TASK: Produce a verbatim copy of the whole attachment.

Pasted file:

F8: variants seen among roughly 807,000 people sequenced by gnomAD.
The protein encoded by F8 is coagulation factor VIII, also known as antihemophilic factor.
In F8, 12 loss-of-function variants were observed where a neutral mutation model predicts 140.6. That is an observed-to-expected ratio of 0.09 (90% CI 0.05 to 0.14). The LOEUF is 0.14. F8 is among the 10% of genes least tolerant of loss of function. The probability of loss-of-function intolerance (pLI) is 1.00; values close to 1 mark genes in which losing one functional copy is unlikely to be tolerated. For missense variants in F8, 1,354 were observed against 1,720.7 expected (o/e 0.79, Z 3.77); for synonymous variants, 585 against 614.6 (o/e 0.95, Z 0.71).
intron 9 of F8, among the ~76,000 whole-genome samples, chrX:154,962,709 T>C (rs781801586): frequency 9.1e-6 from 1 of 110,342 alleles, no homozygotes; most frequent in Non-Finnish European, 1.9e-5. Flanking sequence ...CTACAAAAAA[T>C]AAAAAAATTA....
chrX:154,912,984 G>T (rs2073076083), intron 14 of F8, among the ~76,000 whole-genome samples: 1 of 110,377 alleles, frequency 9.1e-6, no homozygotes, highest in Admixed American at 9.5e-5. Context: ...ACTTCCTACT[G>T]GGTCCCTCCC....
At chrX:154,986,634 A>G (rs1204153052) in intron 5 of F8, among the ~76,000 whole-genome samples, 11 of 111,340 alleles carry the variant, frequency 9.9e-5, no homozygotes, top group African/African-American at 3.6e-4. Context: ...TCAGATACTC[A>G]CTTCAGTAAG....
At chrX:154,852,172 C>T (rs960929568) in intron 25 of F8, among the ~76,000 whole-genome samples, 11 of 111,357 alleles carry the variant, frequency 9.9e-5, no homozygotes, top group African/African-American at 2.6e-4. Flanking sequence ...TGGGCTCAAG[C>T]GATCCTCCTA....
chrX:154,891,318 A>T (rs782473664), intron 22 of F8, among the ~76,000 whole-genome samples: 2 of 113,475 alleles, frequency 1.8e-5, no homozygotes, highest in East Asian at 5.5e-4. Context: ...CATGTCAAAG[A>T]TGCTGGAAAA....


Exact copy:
F8: variants seen among roughly 807,000 people sequenced by gnomAD.
The protein encoded by F8 is coagulation factor VIII, also known as antihemophilic factor.
In F8, 12 loss-of-function variants were observed where a neutral mutation model predicts 140.6. That is an observed-to-expected ratio of 0.09 (90% CI 0.05 to 0.14). The LOEUF is 0.14. F8 is among the 10% of genes least tolerant of loss of function. The probability of loss-of-function intolerance (pLI) is 1.00; values close to 1 mark genes in which losing one functional copy is unlikely to be tolerated. For missense variants in F8, 1,354 were observed against 1,720.7 expected (o/e 0.79, Z 3.77); for synonymous variants, 585 against 614.6 (o/e 0.95, Z 0.71).
intron 9 of F8, among the ~76,000 whole-genome samples, chrX:154,962,709 T>C (rs781801586): frequency 9.1e-6 from 1 of 110,342 alleles, no homozygotes; most frequent in Non-Finnish European, 1.9e-5. Flanking sequence ...CTACAAAAAA[T>C]AAAAAAATTA....
chrX:154,912,984 G>T (rs2073076083), intron 14 of F8, among the ~76,000 whole-genome samples: 1 of 110,377 alleles, frequency 9.1e-6, no homozygotes, highest in Admixed American at 9.5e-5. Context: ...ACTTCCTACT[G>T]GGTCCCTCCC....
At chrX:154,986,634 A>G (rs1204153052) in intron 5 of F8, among the ~76,000 whole-genome samples, 11 of 111,340 alleles carry the variant, frequency 9.9e-5, no homozygotes, top group African/African-American at 3.6e-4. Context: ...TCAGATACTC[A>G]CTTCAGTAAG....
At chrX:154,852,172 C>T (rs960929568) in intron 25 of F8, among the ~76,000 whole-genome samples, 11 of 111,357 alleles carry the variant, frequency 9.9e-5, no homozygotes, top group African/African-American at 2.6e-4. Flanking sequence ...TGGGCTCAAG[C>T]GATCCTCCTA....
chrX:154,891,318 A>T (rs782473664), intron 22 of F8, among the ~76,000 whole-genome samples: 2 of 113,475 alleles, frequency 1.8e-5, no homozygotes, highest in East Asian at 5.5e-4. Context: ...CATGTCAAAG[A>T]TGCTGGAAAA....